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Governing Green Power:  Realigning Institutions to Fit New Technologies

Posted on Apr 12, 2017 in Main

Remarks of Governor David Ige as prepared

March 28, 2017 at the University of Hawai‘i at Manoa

Thank you so much for inviting me. I see a number of familiar faces and many new faces.  I just wanted to start by welcoming you here to the University of Hawai‘i on behalf of the people of Hawai‘i.  It really is an important conversation that you’ve chosen to participate in.  And I certainly look forward to a few days of intense, intellectual challenge as well as lively conversations that we hope can move the State of Hawai‘i forward. I think and I know that you will learn from many of the experiences that those of us who are residents here would want to share with you.

A couple of things:  I’m an electrical engineer by profession and spent almost 20 years at the telephone company, so I’m somewhat familiar with a utility and the way that they’re regulated.  I also have an MBA from the University of Hawai‘i, so I understand a little bit about economics. I was a Double E student here on this campus.  In fact, I spent most of my time across the roadway there during the oil crisis, so I’m very much aware of the challenges.  I don’t know how many of you actually lived through the gas rationing and had to time refills of your car.  Depending on your license plate, you could fill up on an even day or an odd day.  At that point in time in the 1970s, there was lots of talk about the dire consequences of the United States of America being dependent on imported fossil fuel, and that’s 40 or so years ago when that conversation was really top of mind.

As a student here at the University, there definitely was a lot of conversation about the need to focus on renewable energy, alternative energy.  Our partners here with the Hawai‘i Natural Energy Institute will remember that the Institute was formed in 1974, during that period when we had the energy crisis.  And in 1979, Jimmy Carter installed solar panels on the White House.  I don’t know if they’re still working and I don’t know what the efficiency of those systems are, but certainly he did it as a symbol of what we should be thinking about, maybe 40 years or so ago.

We have come a long way.  I think it has been said the price of renewable systems, the sourcing of energy has come down tremendously, especially in the last decade. Hawai‘i has a unique situation.  Like most island nations, I think we are most vulnerable to sea level rise and climate change.  Clearly we are reminded about the change in sea level.  And I think most importantly, about how vulnerable most island nations are in the way they were developed.  All of the important energy institutions or facilities are typically on the shoreline.  All of our highways, all of the most important highways are along the shoreline. There is nothing that is important in the Hawai‘i economy that really isn’t tied to access to the shoreline or vulnerability to sea level rise and climate change. So although our economy has evolved to one that is dependent on the ocean and the sun and the sea, we definitely realize that we are vulnerable.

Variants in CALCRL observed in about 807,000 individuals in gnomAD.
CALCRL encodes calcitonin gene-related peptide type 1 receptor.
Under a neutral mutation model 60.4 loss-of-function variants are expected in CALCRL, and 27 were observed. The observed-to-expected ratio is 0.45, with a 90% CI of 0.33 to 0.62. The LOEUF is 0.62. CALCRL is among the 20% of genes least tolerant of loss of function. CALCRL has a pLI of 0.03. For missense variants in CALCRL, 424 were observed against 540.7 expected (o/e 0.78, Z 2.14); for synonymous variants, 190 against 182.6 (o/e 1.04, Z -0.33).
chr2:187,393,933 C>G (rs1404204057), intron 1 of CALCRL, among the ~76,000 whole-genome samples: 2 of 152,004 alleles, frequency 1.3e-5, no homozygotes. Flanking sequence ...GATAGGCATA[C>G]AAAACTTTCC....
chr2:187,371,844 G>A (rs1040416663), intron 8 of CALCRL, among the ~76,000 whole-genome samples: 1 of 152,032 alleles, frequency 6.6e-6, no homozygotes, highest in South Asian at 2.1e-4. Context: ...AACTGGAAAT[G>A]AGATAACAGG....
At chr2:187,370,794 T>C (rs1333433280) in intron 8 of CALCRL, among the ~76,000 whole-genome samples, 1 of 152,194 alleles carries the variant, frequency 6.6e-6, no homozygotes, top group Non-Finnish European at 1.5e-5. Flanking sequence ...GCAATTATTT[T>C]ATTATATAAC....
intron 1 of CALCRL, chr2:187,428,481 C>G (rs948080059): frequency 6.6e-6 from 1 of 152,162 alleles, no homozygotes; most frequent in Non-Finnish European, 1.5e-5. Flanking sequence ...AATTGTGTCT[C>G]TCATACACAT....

The state’s isolation, from the energy or electricity perspective, is just as daunting.  We don’t have the luxury of being connected into a national grid.  We are isolated.  In fact, each of our islands is isolated in a grid and everything that we do, we have to be self-reliant.

The flip of that, and I like to look at every challenge as an opportunity, certainly does create the environment for Hawai‘i to lead the world.  As has been stated, a couple of years ago we passed the Hawai‘i Clean Energy Initiative.  And a few years ago, updated that to really be committed to 100% renewable for electricity generation.  And I’ll use the air quotes.  As has been said, it depends on how you define that or what you want to make of it. But I’m certain by 2045, we won’t need the air quotes because there’ll be lots of opportunities and different ways to do that.

Our grid is unique because of its isolation.  Our energy costs are high because we were so dependent on imported fossil fuel. We have abundant renewable sources and as I’ve said, we’ve been studying them since 1974.  Obviously, the technology wasn’t as efficient or available. The challenge has always been, even when I graduated with my Double E and actually started doing some renewable energy studies back in the late 70s and early 80s, the challenge in Hawai‘i is really about storage and being able to regenerate and deliver the energy when it’s needed, not when it’s convenient for it to be generated.  But it certainly is an opportunity, and I thank all of you for becoming and choosing to be part of this conversation.

There are a couple of other things I think that makes the Hawai‘i challenge a real opportunity for many of you. The Department of Defense has really committed to a more sustainable energy future as well, and they have a big presence in our islands. They are making investments to move toward a sustainable energy future as well.  The State has executed a Memorandum of Understanding with the Department of the Navy to work jointly on renewable energy projects in a number of different ways. I like to look at those partnerships as really another affirmation of how we can bring different resources together and funding sources that might not be available to most, to really move the ball forward in terms of renewable energy.